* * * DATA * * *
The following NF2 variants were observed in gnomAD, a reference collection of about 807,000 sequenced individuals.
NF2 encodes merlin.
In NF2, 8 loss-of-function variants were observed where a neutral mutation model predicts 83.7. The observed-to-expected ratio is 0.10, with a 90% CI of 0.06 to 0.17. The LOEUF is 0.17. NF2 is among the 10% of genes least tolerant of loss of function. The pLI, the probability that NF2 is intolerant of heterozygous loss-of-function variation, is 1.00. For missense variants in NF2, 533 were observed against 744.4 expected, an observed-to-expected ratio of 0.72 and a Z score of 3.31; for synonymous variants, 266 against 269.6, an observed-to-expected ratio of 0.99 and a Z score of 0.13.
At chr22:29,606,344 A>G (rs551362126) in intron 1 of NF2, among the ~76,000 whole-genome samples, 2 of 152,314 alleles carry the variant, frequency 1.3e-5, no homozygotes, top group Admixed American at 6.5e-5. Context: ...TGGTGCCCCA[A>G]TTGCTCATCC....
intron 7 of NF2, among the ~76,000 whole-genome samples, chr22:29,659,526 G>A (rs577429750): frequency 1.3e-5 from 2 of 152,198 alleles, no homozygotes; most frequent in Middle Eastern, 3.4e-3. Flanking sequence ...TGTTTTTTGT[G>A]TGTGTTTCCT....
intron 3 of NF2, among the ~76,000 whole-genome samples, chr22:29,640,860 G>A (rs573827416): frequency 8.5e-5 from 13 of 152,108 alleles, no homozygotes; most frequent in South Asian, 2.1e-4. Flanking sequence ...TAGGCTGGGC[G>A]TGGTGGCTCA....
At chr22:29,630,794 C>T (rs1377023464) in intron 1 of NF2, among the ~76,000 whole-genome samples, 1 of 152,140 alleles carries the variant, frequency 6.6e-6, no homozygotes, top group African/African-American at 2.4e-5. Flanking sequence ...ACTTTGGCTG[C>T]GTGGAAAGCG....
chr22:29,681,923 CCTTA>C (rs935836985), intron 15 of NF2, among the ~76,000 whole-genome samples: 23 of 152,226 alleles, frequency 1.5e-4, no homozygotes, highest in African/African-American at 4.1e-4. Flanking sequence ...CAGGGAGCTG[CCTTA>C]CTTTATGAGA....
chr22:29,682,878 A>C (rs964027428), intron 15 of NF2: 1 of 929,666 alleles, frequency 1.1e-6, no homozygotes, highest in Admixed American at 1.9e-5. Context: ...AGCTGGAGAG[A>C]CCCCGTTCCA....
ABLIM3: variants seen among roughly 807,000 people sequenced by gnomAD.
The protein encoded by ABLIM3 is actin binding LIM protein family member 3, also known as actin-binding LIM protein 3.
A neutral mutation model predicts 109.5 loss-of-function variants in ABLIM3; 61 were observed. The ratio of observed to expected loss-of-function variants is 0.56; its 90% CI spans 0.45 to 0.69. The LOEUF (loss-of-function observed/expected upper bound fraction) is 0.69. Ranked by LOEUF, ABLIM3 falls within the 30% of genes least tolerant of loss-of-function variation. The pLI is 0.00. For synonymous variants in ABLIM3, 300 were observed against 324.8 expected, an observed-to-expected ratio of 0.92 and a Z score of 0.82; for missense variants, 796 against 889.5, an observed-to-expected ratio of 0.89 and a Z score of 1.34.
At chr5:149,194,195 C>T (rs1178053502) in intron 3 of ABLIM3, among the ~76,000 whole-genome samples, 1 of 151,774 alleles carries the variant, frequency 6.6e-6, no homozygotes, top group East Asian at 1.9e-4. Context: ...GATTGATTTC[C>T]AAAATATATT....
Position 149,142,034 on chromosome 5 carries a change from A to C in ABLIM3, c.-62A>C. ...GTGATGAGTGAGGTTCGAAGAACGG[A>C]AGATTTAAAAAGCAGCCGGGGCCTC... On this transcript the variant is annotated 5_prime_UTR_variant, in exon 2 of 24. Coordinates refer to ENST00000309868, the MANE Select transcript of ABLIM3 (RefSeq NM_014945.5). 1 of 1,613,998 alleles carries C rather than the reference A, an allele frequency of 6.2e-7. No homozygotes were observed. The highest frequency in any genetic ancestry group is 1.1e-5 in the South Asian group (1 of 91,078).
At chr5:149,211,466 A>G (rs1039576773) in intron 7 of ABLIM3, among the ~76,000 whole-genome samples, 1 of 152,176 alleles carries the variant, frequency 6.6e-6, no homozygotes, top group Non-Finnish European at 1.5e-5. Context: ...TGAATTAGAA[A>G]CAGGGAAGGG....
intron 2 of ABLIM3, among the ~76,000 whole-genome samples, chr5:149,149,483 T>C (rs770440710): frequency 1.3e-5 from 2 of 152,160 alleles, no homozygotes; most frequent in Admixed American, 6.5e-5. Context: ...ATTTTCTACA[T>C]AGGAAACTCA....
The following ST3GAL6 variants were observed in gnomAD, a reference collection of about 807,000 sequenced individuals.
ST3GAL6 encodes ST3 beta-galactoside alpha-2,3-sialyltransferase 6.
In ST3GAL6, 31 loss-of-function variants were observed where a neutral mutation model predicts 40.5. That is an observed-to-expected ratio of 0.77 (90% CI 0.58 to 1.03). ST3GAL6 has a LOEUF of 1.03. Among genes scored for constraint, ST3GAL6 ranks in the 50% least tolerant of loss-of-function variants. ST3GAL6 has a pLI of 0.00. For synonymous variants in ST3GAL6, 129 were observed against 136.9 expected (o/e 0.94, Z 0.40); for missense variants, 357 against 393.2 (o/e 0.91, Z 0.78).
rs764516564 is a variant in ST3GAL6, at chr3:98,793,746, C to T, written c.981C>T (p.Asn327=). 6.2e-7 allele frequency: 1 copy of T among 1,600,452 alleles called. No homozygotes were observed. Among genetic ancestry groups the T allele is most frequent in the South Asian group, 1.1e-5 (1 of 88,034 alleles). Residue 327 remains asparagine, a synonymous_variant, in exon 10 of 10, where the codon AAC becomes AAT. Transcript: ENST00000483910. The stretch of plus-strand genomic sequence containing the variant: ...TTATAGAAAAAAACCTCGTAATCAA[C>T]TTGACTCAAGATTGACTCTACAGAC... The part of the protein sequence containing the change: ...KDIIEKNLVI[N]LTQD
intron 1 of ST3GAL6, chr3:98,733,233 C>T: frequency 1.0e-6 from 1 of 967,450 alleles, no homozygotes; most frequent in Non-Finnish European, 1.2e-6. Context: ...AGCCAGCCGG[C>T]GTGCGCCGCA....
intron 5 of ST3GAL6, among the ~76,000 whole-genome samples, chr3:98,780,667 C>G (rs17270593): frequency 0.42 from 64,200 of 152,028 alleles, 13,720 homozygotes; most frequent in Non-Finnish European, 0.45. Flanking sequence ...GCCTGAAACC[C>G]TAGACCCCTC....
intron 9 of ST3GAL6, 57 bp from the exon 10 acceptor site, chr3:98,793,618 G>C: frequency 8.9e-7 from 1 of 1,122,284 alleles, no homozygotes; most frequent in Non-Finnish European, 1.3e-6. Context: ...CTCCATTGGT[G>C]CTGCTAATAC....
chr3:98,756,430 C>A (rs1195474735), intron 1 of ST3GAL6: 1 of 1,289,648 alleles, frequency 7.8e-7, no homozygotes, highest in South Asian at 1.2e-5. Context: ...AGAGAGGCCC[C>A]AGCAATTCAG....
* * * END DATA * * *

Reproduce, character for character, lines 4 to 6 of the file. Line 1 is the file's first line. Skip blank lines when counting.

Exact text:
At chr22:29,606,344 A>G (rs551362126) in intron 1 of NF2, among the ~76,000 whole-genome samples, 2 of 152,314 alleles carry the variant, frequency 1.3e-5, no homozygotes, top group Admixed American at 6.5e-5. Context: ...TGGTGCCCCA[A>G]TTGCTCATCC....
intron 7 of NF2, among the ~76,000 whole-genome samples, chr22:29,659,526 G>A (rs577429750): frequency 1.3e-5 from 2 of 152,198 alleles, no homozygotes; most frequent in Middle Eastern, 3.4e-3. Flanking sequence ...TGTTTTTTGT[G>A]TGTGTTTCCT....
intron 3 of NF2, among the ~76,000 whole-genome samples, chr22:29,640,860 G>A (rs573827416): frequency 8.5e-5 from 13 of 152,108 alleles, no homozygotes; most frequent in South Asian, 2.1e-4. Flanking sequence ...TAGGCTGGGC[G>A]TGGTGGCTCA....